Wednesday, April 14, 2010


Andy Stern, head of the SEIU, is "retiring" from the union.  The news has a lot of people scratching their heads.  The man is arguably at the top of his game, so why is he throwing in the towel? 

There are a  few ideas about why he's quitting, from wanting to concentrate on Obama's deficit reduction commission to preparing himself to be a Supreme Court nominee.  That last one seems a bit far-fetched, though, because there would be strong opposition to his appointment by Senate republicans (and a majority of Americans, not that that really matters).  The fact that he is neither a lawyer nor judge certainly should put him out of the running, even if his radicalism and conservative opposition doesn't. 

No doubt he will be spending a lot of time on the deficit reduction panel, but it's also quite likely that all of his newfound free time will be spent advising a certain resident of 1600 Pennsylvania Avenue.  Why stop now?  After all, there is still amnesty to force through.  Think of all of those new Americans to put on the labor rolls!  No doubt he wants to be able to work closely with his old buddy Barry O. for another heapin' helping of "social justice".  Even our braindead neoPravda media couldn't miss the glaring conflict of interest if the sitting CEO of SEIU were instrumental in legislation for increasing the workforce by millions.  Now he has the shiny patina of virtue in no longer being affiliated with the labor union.  It's a wafer-thin patina, but that seems to be enough for this administration.  It just needs the barest appearance of credibility or virtue.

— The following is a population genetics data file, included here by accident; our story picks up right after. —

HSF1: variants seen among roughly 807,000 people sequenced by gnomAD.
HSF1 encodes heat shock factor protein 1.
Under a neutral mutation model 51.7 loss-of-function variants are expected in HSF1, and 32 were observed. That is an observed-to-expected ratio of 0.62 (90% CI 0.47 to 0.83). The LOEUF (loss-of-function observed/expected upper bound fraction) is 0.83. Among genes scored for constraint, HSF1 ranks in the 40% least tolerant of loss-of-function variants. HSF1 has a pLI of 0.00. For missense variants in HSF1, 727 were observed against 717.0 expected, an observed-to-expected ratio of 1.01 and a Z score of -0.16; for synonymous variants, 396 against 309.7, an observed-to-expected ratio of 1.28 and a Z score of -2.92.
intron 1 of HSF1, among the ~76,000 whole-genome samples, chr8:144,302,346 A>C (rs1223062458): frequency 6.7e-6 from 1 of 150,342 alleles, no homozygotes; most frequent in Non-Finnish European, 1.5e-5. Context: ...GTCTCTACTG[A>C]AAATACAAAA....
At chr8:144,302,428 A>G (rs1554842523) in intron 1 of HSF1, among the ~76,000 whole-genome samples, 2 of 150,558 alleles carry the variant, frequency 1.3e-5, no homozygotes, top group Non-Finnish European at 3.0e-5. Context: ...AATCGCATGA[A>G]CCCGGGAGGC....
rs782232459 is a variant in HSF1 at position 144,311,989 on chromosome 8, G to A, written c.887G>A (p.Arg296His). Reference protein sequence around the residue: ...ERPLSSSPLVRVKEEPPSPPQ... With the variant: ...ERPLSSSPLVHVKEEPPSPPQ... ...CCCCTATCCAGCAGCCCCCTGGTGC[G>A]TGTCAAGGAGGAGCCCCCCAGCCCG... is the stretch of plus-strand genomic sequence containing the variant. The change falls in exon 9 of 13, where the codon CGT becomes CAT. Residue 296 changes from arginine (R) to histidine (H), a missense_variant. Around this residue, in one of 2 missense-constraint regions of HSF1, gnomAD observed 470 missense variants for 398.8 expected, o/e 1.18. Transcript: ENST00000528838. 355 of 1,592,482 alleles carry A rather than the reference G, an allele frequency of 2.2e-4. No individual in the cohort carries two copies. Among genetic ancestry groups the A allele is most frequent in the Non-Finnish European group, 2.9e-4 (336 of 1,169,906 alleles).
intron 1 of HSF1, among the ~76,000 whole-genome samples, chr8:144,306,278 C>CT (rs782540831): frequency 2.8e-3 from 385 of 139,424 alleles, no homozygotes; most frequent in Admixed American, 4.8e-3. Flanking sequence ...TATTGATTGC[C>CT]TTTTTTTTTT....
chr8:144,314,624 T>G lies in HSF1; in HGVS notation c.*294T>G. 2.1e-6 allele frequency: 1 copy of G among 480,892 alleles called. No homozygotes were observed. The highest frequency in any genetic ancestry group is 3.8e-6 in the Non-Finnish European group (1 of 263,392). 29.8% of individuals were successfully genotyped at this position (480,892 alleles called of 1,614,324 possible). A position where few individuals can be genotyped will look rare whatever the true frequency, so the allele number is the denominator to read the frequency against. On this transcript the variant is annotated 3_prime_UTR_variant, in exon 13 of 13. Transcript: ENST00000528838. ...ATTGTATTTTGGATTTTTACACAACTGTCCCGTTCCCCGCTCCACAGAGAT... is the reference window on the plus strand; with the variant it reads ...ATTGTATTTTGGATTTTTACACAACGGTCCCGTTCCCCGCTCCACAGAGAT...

There was a time, once, when the barest whiff of a scandal ruined someone for public life.  Now all that is required to pursue public life is the barest whiff of respectability.  Have we really become so ADD as a society that we can only give those who would rule us the quickest, most cursory once-over before moving on to the next big iWhatever/celebutant/scandal of the nanosecond?  How horribly sad.

There is talk that there might be a scandal brewing at the root of Stern's resignation, but the talk is vague and non-committal.  All of these instances of wild conjecture do is distract from reality.

One reality could be dissent in the ranks.  Stern and SEIU have experienced some internal revolts over the past few years.  In 2005 Stern and the SEIU joined the Teamsters and other unions in breaking away from the AFL-CIO, creating the Change to Win coalition.  They in turn have been battling a breakaway union that has been luring thousands of unionized health care workers away from SEIU.  There are also allegations of corruption by a handpicked protegee and excessive grasping for power  and strong-arm tactics on opposing unions and bosses.

The other reality is that his move out of SEIU should be cause for concern, no matter what the root cause.  It is far better to have people like him out in the open.  When a manipulative man with power and an agenda goes under the radar, it's time to get nervous.  Very nervous.  This man has a huge amount of power and influence, and he has an agenda that he has been dreaming of implementing since his college days in the 1960's - a vision shared by the current commander-in-chief.  He's not going anywhere, except underground.

Much like Van Jones, Andy Stern bears watching.  Looking elsewhere while he positions himself behind the scenes and enabling him to fly under the radar would be a huge mistake.

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